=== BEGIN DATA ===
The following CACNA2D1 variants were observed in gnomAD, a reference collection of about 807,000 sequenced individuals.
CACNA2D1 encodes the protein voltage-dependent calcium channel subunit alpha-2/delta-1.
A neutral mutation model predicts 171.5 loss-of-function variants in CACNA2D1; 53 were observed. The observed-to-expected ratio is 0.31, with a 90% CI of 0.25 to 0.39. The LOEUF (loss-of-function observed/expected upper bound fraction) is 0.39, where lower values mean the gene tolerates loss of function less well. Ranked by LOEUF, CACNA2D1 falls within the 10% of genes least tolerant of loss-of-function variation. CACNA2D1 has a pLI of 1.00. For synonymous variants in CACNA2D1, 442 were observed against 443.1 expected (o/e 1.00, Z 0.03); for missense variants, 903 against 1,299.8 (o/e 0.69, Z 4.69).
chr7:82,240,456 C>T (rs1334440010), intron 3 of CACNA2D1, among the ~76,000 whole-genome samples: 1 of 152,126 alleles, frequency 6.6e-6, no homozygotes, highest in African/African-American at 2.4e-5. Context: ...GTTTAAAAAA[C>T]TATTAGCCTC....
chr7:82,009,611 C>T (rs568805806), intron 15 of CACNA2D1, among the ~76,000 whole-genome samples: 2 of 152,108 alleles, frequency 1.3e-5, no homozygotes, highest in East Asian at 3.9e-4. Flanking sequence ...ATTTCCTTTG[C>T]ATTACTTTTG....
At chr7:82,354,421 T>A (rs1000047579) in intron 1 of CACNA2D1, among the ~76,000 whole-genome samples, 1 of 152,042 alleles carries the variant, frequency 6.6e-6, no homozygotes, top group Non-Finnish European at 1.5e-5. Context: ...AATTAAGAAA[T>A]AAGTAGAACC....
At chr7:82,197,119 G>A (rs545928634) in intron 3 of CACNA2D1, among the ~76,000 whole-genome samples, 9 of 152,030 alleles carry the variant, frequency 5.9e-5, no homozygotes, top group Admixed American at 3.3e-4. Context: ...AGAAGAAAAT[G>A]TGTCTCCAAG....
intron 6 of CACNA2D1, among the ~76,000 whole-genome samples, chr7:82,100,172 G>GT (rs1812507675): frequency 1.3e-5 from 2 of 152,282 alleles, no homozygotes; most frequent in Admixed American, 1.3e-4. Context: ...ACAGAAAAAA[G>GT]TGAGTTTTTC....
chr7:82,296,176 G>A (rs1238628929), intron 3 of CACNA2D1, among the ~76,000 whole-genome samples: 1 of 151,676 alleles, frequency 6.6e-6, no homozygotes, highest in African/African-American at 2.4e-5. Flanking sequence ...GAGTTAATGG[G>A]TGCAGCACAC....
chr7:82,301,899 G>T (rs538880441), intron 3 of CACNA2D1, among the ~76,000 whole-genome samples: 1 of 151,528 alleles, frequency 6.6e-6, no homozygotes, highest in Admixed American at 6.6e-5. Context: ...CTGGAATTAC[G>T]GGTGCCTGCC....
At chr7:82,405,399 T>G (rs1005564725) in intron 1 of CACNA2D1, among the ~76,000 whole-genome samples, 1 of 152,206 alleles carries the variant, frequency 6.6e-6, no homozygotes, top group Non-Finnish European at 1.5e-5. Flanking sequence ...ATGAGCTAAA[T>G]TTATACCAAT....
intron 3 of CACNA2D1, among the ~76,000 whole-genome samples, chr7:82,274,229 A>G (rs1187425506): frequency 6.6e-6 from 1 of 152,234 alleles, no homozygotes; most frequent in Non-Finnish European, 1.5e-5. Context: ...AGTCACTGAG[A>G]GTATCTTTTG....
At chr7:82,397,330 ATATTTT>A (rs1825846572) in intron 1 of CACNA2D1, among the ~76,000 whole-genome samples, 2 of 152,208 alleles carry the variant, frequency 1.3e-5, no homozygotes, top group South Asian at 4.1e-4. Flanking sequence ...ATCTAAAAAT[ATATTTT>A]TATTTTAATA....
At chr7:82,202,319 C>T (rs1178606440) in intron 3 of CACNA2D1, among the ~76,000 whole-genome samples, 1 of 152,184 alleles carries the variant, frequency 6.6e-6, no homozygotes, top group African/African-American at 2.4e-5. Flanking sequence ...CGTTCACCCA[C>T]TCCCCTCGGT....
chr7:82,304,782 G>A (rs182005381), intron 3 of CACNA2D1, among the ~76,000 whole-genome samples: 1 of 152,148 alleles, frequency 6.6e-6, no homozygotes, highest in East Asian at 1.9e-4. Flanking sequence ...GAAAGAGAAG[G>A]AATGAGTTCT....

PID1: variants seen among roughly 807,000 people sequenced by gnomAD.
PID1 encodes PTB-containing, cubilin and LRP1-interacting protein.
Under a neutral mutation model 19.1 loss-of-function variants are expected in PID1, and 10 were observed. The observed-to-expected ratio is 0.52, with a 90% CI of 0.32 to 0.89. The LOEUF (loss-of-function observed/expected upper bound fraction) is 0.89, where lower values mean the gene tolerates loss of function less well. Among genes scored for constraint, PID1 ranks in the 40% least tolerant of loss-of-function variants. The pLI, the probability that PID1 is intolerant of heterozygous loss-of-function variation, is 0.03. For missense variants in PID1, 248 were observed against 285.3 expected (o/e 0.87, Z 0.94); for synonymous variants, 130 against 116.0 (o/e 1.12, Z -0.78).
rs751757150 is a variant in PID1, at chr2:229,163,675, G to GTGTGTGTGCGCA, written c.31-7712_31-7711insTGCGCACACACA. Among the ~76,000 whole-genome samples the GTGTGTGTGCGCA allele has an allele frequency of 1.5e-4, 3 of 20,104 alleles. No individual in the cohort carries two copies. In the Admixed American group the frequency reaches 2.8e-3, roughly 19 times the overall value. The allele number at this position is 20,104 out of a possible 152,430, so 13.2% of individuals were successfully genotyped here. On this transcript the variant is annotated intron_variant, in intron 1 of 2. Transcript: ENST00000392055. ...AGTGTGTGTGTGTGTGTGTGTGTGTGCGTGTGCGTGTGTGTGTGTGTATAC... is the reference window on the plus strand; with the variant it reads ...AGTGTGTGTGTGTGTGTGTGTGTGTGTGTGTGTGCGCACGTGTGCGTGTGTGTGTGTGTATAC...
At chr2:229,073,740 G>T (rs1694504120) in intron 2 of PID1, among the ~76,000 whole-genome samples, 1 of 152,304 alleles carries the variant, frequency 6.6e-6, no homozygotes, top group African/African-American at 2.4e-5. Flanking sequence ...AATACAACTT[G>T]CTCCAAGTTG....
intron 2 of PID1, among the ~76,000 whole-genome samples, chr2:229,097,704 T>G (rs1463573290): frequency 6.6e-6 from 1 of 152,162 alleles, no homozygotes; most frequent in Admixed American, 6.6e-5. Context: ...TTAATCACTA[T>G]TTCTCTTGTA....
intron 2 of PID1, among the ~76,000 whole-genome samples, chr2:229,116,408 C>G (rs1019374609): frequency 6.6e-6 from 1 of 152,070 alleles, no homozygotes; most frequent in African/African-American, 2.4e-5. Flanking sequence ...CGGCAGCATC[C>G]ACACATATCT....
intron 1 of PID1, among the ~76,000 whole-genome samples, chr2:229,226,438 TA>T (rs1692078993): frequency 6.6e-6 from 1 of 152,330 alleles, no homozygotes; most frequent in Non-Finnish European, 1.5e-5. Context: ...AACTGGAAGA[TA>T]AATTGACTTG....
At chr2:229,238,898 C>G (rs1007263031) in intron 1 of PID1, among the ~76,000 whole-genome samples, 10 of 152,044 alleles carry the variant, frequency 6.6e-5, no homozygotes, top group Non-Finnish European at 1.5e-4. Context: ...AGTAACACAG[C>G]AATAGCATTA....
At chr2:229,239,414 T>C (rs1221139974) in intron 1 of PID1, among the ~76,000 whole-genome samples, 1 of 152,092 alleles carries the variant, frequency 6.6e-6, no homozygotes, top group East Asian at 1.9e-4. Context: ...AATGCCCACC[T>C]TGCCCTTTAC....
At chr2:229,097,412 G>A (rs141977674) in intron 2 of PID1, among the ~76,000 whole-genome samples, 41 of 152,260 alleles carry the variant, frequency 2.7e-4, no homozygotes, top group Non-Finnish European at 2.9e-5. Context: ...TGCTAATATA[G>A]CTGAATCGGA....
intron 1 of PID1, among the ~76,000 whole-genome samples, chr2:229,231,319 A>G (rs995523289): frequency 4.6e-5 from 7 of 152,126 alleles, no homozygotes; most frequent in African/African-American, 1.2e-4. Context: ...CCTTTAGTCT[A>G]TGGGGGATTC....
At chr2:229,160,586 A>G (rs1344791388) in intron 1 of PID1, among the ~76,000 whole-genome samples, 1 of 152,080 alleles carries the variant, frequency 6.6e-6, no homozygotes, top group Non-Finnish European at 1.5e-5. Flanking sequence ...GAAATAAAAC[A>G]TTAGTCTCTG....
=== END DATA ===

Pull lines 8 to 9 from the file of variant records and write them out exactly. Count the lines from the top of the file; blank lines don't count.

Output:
intron 6 of CACNA2D1, among the ~76,000 whole-genome samples, chr7:82,100,172 G>GT (rs1812507675): frequency 1.3e-5 from 2 of 152,282 alleles, no homozygotes; most frequent in Admixed American, 1.3e-4. Context: ...ACAGAAAAAA[G>GT]TGAGTTTTTC....
chr7:82,296,176 G>A (rs1238628929), intron 3 of CACNA2D1, among the ~76,000 whole-genome samples: 1 of 151,676 alleles, frequency 6.6e-6, no homozygotes, highest in African/African-American at 2.4e-5. Flanking sequence ...GAGTTAATGG[G>A]TGCAGCACAC....